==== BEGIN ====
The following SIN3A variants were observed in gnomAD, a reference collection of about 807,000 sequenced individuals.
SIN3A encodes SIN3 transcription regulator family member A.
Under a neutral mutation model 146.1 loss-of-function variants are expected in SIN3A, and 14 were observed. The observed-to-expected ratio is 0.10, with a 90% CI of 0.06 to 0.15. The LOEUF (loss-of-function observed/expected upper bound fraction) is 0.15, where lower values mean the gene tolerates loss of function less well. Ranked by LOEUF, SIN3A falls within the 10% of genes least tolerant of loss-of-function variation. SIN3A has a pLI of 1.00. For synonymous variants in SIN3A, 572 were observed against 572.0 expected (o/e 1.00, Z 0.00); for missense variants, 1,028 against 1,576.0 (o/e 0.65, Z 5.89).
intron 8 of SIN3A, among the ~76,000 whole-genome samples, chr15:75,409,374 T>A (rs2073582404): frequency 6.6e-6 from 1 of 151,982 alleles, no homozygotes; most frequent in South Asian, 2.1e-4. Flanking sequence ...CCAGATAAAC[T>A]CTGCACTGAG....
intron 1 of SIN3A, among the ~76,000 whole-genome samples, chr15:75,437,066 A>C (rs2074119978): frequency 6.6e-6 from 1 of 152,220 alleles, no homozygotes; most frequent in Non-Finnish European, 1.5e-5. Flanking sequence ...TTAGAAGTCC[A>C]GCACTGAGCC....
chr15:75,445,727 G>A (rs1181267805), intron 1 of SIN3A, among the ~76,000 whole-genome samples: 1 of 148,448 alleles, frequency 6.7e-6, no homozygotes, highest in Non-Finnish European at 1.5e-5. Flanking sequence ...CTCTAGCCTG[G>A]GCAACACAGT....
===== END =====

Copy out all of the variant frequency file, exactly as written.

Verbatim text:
The following SIN3A variants were observed in gnomAD, a reference collection of about 807,000 sequenced individuals.
SIN3A encodes SIN3 transcription regulator family member A.
Under a neutral mutation model 146.1 loss-of-function variants are expected in SIN3A, and 14 were observed. The observed-to-expected ratio is 0.10, with a 90% CI of 0.06 to 0.15. The LOEUF (loss-of-function observed/expected upper bound fraction) is 0.15, where lower values mean the gene tolerates loss of function less well. Ranked by LOEUF, SIN3A falls within the 10% of genes least tolerant of loss-of-function variation. SIN3A has a pLI of 1.00. For synonymous variants in SIN3A, 572 were observed against 572.0 expected (o/e 1.00, Z 0.00); for missense variants, 1,028 against 1,576.0 (o/e 0.65, Z 5.89).
intron 8 of SIN3A, among the ~76,000 whole-genome samples, chr15:75,409,374 T>A (rs2073582404): frequency 6.6e-6 from 1 of 151,982 alleles, no homozygotes; most frequent in South Asian, 2.1e-4. Flanking sequence ...CCAGATAAAC[T>A]CTGCACTGAG....
intron 1 of SIN3A, among the ~76,000 whole-genome samples, chr15:75,437,066 A>C (rs2074119978): frequency 6.6e-6 from 1 of 152,220 alleles, no homozygotes; most frequent in Non-Finnish European, 1.5e-5. Flanking sequence ...TTAGAAGTCC[A>C]GCACTGAGCC....
chr15:75,445,727 G>A (rs1181267805), intron 1 of SIN3A, among the ~76,000 whole-genome samples: 1 of 148,448 alleles, frequency 6.7e-6, no homozygotes, highest in Non-Finnish European at 1.5e-5. Flanking sequence ...CTCTAGCCTG[G>A]GCAACACAGT....